Lessons From Nokia’s Demise – The Cost of a Fragmented Developer Experience
“Nokia: One Billion Customers — Can anyone catch the cell phone king?”
Within a few years we knew the answer.
Many have tried to explain this demise; explanation will be a minor feature of this post. Rather it will focus on a couple of the causes and draw the lessons for contemporary technology, economic and competition policy.
Nokia’s reinvention and rise after the economic downturn of the early 1990s that affected it and the Finnish economy was dramatic. The sprawling, 120 year old conglomerate made paper, pulp, cables, rubber boots, televisions, gas masks, artillery range finders and generated electricity. In 1992, the new chief executive, Jorma Ollila embarked upon a process of focusing the company on emerging mobile technology with incredible effect.
By 1997 Nokia had become the largest manufacturer of mobile phones by volume in the world, overtaking Motorola. For the next decade and more Nokia became synonymous with the mobile phone, selling between 30-40% of all mobile phones in the world, with a yet higher market share for smartphones, each year and making almost all of the profits in the mobile device industry. The Nokia 8110 was famously the phone of Neo in The Matrix; the Nokia ringtone could be heard on every train and street around the world. In India, mobile phones were simply referred to as Nokias, just as we refer to “Photoshopping” a digital image or ‘Hoovering’ up a mess.
Designers such as Frank Nuovo created iconic industrial designs that kept people coming back for more even though the phones were famously long-lasting. Unmatched efficiency in the supply chain and manufacturing kept prices low and competitors wondering how it was all done.
Come 2007 when Apple launched the iPhone and Google launched the Android operating system Nokia imagined its long list of advantages would mean it would see off these new challengers just as it had Motorola and Sony Ericsson. It couldn’t. So what went wrong?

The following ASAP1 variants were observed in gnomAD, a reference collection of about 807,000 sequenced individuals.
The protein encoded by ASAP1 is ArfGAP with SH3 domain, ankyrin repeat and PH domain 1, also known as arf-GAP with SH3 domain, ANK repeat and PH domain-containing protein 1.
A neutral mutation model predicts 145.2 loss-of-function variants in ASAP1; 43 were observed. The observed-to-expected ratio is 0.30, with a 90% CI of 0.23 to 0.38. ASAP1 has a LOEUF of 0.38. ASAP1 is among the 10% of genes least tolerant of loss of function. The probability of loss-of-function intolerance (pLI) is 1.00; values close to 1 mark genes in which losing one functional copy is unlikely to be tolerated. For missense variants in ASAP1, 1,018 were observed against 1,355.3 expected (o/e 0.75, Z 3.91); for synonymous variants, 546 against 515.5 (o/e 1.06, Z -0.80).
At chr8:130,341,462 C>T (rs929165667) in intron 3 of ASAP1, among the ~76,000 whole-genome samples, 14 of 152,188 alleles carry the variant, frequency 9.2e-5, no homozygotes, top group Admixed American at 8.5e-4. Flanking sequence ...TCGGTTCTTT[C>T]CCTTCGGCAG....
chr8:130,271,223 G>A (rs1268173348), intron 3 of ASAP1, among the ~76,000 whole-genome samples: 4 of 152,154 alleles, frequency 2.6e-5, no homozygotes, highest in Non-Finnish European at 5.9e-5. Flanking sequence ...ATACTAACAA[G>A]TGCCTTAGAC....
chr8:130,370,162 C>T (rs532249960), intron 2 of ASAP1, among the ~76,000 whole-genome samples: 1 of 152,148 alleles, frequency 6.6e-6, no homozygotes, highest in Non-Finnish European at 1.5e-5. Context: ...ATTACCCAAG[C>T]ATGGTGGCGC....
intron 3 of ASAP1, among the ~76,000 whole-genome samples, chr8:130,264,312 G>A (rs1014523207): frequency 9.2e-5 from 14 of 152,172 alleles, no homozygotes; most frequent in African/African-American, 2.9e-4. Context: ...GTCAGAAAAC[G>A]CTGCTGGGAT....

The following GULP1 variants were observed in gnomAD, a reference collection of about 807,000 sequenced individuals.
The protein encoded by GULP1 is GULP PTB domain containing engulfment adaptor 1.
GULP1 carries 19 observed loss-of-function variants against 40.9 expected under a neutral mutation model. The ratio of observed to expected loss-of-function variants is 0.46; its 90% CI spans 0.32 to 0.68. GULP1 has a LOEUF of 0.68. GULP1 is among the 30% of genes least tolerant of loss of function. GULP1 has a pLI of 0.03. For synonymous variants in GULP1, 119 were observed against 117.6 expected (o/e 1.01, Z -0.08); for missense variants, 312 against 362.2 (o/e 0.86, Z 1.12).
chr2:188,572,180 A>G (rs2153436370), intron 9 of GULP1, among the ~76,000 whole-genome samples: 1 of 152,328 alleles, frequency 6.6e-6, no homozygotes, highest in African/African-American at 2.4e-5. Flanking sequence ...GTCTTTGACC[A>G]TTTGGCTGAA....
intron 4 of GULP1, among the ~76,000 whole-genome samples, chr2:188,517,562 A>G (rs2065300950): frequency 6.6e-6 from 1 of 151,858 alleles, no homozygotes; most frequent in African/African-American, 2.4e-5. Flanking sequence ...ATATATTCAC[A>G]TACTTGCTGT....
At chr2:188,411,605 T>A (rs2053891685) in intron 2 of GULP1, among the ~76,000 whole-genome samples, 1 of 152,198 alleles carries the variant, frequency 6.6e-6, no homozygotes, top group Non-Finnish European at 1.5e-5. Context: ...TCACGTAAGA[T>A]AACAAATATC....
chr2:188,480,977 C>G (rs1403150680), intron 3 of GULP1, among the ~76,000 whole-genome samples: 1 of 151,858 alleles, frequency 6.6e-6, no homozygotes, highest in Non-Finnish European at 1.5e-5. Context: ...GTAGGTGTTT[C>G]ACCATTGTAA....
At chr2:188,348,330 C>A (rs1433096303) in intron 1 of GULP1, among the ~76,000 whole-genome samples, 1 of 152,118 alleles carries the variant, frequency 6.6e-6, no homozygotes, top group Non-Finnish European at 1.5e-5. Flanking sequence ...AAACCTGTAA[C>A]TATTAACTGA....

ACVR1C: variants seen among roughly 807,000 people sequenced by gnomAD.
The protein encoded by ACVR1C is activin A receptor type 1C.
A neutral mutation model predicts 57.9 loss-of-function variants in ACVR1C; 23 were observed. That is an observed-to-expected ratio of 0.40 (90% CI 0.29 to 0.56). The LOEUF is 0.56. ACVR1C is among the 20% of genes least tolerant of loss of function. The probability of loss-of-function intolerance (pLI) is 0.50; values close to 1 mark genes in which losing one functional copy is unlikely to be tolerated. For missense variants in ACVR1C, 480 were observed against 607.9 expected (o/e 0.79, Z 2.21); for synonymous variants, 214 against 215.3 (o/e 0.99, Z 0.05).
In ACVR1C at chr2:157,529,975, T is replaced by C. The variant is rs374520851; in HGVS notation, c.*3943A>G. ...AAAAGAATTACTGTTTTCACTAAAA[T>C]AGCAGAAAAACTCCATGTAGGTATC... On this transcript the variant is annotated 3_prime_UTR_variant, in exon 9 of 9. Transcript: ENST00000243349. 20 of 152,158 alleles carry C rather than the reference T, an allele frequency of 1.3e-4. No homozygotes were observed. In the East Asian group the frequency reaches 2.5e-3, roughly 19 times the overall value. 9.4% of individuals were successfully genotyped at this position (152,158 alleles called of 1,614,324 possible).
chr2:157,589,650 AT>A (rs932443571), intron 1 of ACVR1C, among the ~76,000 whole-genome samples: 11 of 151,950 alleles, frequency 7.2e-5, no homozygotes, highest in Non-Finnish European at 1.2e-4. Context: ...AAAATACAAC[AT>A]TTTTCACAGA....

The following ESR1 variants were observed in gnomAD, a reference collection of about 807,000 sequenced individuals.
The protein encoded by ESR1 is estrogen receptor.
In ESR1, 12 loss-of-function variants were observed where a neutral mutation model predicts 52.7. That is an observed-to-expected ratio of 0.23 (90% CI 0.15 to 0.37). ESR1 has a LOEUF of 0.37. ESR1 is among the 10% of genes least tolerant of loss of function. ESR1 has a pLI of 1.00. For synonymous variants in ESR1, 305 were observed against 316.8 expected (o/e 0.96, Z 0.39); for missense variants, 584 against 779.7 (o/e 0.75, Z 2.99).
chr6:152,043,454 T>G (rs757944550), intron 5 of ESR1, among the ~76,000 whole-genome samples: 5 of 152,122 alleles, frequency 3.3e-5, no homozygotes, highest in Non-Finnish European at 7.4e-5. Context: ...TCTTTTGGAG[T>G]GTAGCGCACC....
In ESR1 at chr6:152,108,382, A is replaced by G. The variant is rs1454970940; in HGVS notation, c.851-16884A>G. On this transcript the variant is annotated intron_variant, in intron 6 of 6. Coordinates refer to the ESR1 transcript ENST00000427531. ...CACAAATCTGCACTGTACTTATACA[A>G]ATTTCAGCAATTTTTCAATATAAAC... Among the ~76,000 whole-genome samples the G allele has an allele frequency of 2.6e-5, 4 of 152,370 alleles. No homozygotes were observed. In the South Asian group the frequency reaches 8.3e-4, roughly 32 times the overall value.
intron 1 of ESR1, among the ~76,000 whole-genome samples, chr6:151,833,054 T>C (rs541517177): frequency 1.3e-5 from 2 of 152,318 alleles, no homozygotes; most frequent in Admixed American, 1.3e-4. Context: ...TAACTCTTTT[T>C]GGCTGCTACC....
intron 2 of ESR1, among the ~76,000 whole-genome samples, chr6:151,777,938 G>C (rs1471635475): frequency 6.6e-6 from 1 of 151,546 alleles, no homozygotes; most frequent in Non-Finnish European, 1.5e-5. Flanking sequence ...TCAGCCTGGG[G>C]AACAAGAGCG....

It’s the software, stupid
Nokia bosses remarked there was nothing advanced about the first iPhone; it couldn’t even do 3G! But what wasn’t so immediately apparent was how revolutionary the software, combined with a touch screen, was; something much more important than an attractive design.
Nokia was at that time the predominant player in the (smaller) smartphone market. It sold smartphones running the Symbian operating system, of which it was one of the owners (later purchasing Symbian outright). Nokia’s implementation was called ‘S60’. It controlled about 65% of the smartphone market and Symbian yet more of the smartphone operating system market.
After Apple opened its ‘App Store’ in 2008 it became apparent that people would use their smartphones for much more than calling and texting. Apple’s operating system deliberately made it easy for developers to develop for iOS and to publish their application, something Android also achieved.
Nokia understood that it needed to do the same. However, Symbian has always been a complicated system to develop for. Much more importantly, however, was the fragmented nature of Symbian. There was only one Symbian, but Nokia smartphones ran different ‘forks’. As David Gilson notes in this blog post on All About Symbian:
We know that ‘Latin’ languages such as Italian, Spanish and French emerged from the same source, but while the modern languages have similarities they are not ‘interoperable’; an Italian will not necessarily understand a Portuguese speaker. That is what Symbian had become.
This meant that an application that ran on one Symbian based smartphone wouldn’t necessarily run on another Symbian smartphone also made by Nokia (or another manufacturer using Symbian). A developer would therefore need to rewrite the application for each ‘fork’ of Symbian, with all the additional cost and hassle. Same manufacturer, different software versions, incompatible applications. Compared to Apple and Android this made the business case very unattractive to developers, even though Nokia had many more users that those two companies combined. Nokia / Symbian users ended up downloading many fewer applications than on rival platforms such as iOS; developers earned less, consumers used less and the benefits of mobile technologies were slower to be felt. It also meant that Nokia spent much more heavily on development costs.